Though the bulk of the work involves counseling and psychotherapy, trainees are expected to assist with some prevention or outreach work as part of our community psychology focus. This may involve writing flyers, consulting to a student group, training paraprofessionals, or running workshops. Occasionally, the trainee may run a workshop at night or on a weekend. If a trainee wants to do prevention or outreach work with related to a particular topic, population, or problem area we will endeavor to support that work.
The unpaid practicum is for a nine-month period, generally following the academic calendar. Practicum students may come in earlier if they wish to assist in the training CAPS staff provides for various campus groups including Residence Life Staff, Peer Mentors, Faculty Advisors, or the Orientation Committee.
Postdoctoral residents should be able to use the time here as an opportunity to refine their clinical skills and develop new competencies. The goal is to ultimately function as an independent professional psychologist by the end of the residency year. The atmosphere is non-hierarchical and collegial and the resident is treated as a professional member of our staff and expected to share their therapeutic insights both informally and during group supervision. We encourage residents to explore their own therapeutic “style” while maintaining an authentic therapeutic stance.
Postdoctoral Psychology Residents serve a nine-month period with a flexible start date between August 15th and September 1st. Postdocs may start in mid-August and end in mid-May if they elect to assist in training university professional and student staff, like Resident Assistants, Peer Mentors, Faculty Advisors, etc. The stipend for 9 months will include employee benefits. Candidates for the post-doctoral position must have completed all formal course work toward their doctorate in counseling, clinical, or professional psychology. Supervised practicum and comprehensive examinations should have been completed and anticipate that all graduation requirements will be completed prior to September.
There are regular meetings scheduled for supervision and consultation each week:
All trainees will attend:
In addition all trainees are invited to attend:
We believe in meeting the specific training needs of each individual student or post-doctoral resident. Clinical supervision not only focuses on empirically validated techniques and strategic interventions but also on the therapist “use of self”. Beginning therapists are usually asked to pick a specific theoretical orientation and receive supervision from that orientation. As they become more experienced, they are encouraged to conceptualize their cases in ways that are integrative and multidisciplinary. More advanced clinicians are encouraged to work with new diagnostic populations and smooth the seams between theory and practice. Post-doctoral residents are expected to be able to function as an independent professional psychologist by the end of their work here.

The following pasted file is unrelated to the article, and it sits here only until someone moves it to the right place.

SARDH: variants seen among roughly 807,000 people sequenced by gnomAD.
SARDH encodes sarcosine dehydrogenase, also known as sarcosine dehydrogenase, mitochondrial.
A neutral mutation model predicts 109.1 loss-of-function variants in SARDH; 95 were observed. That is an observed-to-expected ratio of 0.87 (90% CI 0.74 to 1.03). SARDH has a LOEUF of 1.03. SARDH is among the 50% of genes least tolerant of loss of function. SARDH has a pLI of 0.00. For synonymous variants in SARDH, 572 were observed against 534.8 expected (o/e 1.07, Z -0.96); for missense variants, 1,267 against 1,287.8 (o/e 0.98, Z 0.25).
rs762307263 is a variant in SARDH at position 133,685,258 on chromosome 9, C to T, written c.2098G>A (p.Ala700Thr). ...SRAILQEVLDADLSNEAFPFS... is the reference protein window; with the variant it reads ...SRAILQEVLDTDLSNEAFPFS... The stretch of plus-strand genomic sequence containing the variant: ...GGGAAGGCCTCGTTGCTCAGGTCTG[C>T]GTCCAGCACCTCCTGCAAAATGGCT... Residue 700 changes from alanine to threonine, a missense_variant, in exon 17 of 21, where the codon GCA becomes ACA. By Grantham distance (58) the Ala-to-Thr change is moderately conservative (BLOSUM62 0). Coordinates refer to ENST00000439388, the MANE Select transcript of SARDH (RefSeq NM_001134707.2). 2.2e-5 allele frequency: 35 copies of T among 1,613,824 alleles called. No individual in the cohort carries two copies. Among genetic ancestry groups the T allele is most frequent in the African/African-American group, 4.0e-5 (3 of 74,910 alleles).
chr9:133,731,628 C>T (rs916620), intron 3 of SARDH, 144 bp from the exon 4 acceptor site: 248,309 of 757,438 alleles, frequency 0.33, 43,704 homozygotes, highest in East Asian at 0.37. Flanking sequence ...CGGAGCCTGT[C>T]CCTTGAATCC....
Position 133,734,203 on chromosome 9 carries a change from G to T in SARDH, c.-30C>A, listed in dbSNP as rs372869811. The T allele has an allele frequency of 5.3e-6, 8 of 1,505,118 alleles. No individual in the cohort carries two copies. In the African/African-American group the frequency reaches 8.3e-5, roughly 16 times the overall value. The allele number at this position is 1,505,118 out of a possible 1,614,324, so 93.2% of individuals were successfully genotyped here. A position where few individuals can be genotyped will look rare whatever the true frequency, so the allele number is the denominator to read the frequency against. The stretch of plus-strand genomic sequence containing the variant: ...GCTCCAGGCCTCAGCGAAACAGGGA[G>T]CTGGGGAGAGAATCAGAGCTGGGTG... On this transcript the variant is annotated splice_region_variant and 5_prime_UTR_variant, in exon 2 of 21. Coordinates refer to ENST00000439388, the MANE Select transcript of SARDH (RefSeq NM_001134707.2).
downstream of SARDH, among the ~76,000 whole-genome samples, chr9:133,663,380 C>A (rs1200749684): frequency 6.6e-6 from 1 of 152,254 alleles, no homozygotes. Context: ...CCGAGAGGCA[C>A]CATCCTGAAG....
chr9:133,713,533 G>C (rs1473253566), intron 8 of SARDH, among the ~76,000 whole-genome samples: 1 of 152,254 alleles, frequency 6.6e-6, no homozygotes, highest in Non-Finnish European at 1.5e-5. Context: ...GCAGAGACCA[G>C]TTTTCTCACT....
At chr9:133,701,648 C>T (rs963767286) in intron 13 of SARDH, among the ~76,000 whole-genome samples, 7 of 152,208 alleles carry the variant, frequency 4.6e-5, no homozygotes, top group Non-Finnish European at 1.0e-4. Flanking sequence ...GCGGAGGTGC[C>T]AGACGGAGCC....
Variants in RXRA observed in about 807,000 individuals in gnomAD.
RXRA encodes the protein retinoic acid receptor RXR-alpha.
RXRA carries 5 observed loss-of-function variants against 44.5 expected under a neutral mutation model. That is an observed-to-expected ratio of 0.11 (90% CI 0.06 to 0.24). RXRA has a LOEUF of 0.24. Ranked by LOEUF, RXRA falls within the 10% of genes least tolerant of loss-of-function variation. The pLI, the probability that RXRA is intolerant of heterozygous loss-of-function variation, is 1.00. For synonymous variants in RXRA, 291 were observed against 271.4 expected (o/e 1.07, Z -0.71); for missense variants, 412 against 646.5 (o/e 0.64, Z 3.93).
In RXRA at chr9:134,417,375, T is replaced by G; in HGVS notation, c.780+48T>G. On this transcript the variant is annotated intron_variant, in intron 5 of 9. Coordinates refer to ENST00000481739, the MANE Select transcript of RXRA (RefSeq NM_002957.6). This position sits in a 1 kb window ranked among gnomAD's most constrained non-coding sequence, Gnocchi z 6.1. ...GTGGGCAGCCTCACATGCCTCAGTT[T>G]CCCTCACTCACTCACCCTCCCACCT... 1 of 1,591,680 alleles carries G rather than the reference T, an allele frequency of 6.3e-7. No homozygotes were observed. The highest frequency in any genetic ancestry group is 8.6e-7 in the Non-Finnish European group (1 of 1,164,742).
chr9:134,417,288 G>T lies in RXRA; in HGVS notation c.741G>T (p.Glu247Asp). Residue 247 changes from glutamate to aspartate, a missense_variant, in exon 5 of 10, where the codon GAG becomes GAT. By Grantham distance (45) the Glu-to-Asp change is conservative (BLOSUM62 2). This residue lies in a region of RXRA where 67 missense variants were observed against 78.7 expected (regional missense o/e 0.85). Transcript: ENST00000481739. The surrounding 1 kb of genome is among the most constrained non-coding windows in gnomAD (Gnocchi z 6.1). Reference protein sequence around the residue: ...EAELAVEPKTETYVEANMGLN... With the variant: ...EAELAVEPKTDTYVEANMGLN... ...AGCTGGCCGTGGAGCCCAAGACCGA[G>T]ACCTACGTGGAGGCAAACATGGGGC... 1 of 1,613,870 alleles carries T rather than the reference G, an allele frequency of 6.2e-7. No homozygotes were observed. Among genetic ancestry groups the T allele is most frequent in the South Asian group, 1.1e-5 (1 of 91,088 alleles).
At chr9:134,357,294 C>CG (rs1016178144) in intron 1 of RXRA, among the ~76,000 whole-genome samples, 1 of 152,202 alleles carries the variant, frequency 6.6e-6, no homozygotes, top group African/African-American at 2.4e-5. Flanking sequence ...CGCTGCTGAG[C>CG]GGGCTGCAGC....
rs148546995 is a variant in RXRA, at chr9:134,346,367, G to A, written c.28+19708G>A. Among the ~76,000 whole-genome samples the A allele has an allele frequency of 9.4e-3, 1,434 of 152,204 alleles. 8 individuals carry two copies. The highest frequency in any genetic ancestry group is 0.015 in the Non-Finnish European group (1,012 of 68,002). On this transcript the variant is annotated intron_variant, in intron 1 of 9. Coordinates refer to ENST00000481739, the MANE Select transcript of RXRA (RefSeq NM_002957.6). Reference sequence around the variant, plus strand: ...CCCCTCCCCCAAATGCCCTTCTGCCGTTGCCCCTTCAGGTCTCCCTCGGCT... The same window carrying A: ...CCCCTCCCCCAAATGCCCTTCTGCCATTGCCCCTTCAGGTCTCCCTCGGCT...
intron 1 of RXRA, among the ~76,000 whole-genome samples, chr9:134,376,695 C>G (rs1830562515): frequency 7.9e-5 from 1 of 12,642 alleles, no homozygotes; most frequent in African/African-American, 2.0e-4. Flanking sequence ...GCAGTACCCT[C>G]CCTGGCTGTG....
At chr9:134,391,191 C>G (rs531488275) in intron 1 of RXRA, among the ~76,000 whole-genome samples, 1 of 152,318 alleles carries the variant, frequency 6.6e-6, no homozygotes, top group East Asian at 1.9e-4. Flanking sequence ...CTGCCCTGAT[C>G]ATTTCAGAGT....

All trainees are invited to participate in the weekly training seminar focusing on issues related to clinical practice or college counseling. Presentations are facilitated by staff and trainees can present on a topic of interest if they are motivated to do so.
Release time is granted so that trainees may attend local conferences. Very limited funding may be available for this for Postdoctoral Residents.
Trainees may offer workshops and presentations on campus on a variety of topics, including: substance abuse, suicide prevention, eating disorders, stress and stress management, time management, LGBTQ Ally training, social skills, and relationship issues. Trainees may also have the opportunity to present to university classes. If a trainee has a particular passion or interest and wants to develop their own community-focused program they are encouraged to do so.
Applications are reviewed starting January 1st and should preferably be submitted by February 1st. We currently have openings for the 2018-2019 academic year. We will be notifying applicants of acceptance on Monday, February 26th as per externship guidelines of the PSYDNYS-NYNJADOC. If we have openings after the matching period is over, applications will be reviewed on a rolling basis until all positions are filled. Applications should include the following:
Letters of reference do not need to be included in the initial application. Students who are not local can arrange for a telephone interview.
Send Application and Inquires to:
James Mandala, Ph.D. Director
The James A. McClintock Center for Counseling and Psychological Services
36 Madison Ave.
Madison, New Jersey 07940